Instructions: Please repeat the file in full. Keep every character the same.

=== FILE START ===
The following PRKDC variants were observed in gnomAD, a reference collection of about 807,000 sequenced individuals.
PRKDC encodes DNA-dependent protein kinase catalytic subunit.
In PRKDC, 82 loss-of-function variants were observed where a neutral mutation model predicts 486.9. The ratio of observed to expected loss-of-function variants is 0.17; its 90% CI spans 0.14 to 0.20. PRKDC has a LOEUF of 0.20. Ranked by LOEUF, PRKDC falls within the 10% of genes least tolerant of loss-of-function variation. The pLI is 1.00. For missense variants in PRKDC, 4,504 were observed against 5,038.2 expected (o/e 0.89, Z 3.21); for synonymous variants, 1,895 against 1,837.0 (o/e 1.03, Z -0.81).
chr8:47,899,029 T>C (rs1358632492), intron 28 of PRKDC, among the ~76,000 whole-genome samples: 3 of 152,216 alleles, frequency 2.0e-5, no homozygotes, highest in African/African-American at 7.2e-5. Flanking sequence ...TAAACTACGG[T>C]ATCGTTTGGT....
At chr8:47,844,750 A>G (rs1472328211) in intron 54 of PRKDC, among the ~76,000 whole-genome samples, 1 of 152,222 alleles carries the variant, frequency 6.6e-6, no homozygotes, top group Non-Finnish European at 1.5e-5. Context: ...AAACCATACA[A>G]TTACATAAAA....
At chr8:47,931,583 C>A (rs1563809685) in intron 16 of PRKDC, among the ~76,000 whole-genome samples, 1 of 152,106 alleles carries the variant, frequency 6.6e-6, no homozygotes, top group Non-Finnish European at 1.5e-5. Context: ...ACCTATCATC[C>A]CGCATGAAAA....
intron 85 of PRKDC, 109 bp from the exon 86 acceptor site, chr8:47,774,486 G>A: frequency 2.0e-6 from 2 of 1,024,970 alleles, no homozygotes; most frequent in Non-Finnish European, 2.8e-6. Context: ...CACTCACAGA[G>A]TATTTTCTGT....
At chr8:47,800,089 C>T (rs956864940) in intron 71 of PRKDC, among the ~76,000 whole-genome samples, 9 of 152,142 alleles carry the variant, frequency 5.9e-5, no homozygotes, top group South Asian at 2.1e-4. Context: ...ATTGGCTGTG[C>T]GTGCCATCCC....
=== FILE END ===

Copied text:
The following PRKDC variants were observed in gnomAD, a reference collection of about 807,000 sequenced individuals.
PRKDC encodes DNA-dependent protein kinase catalytic subunit.
In PRKDC, 82 loss-of-function variants were observed where a neutral mutation model predicts 486.9. The ratio of observed to expected loss-of-function variants is 0.17; its 90% CI spans 0.14 to 0.20. PRKDC has a LOEUF of 0.20. Ranked by LOEUF, PRKDC falls within the 10% of genes least tolerant of loss-of-function variation. The pLI is 1.00. For missense variants in PRKDC, 4,504 were observed against 5,038.2 expected (o/e 0.89, Z 3.21); for synonymous variants, 1,895 against 1,837.0 (o/e 1.03, Z -0.81).
chr8:47,899,029 T>C (rs1358632492), intron 28 of PRKDC, among the ~76,000 whole-genome samples: 3 of 152,216 alleles, frequency 2.0e-5, no homozygotes, highest in African/African-American at 7.2e-5. Flanking sequence ...TAAACTACGG[T>C]ATCGTTTGGT....
At chr8:47,844,750 A>G (rs1472328211) in intron 54 of PRKDC, among the ~76,000 whole-genome samples, 1 of 152,222 alleles carries the variant, frequency 6.6e-6, no homozygotes, top group Non-Finnish European at 1.5e-5. Context: ...AAACCATACA[A>G]TTACATAAAA....
At chr8:47,931,583 C>A (rs1563809685) in intron 16 of PRKDC, among the ~76,000 whole-genome samples, 1 of 152,106 alleles carries the variant, frequency 6.6e-6, no homozygotes, top group Non-Finnish European at 1.5e-5. Context: ...ACCTATCATC[C>A]CGCATGAAAA....
intron 85 of PRKDC, 109 bp from the exon 86 acceptor site, chr8:47,774,486 G>A: frequency 2.0e-6 from 2 of 1,024,970 alleles, no homozygotes; most frequent in Non-Finnish European, 2.8e-6. Context: ...CACTCACAGA[G>A]TATTTTCTGT....
At chr8:47,800,089 C>T (rs956864940) in intron 71 of PRKDC, among the ~76,000 whole-genome samples, 9 of 152,142 alleles carry the variant, frequency 5.9e-5, no homozygotes, top group South Asian at 2.1e-4. Context: ...ATTGGCTGTG[C>T]GTGCCATCCC....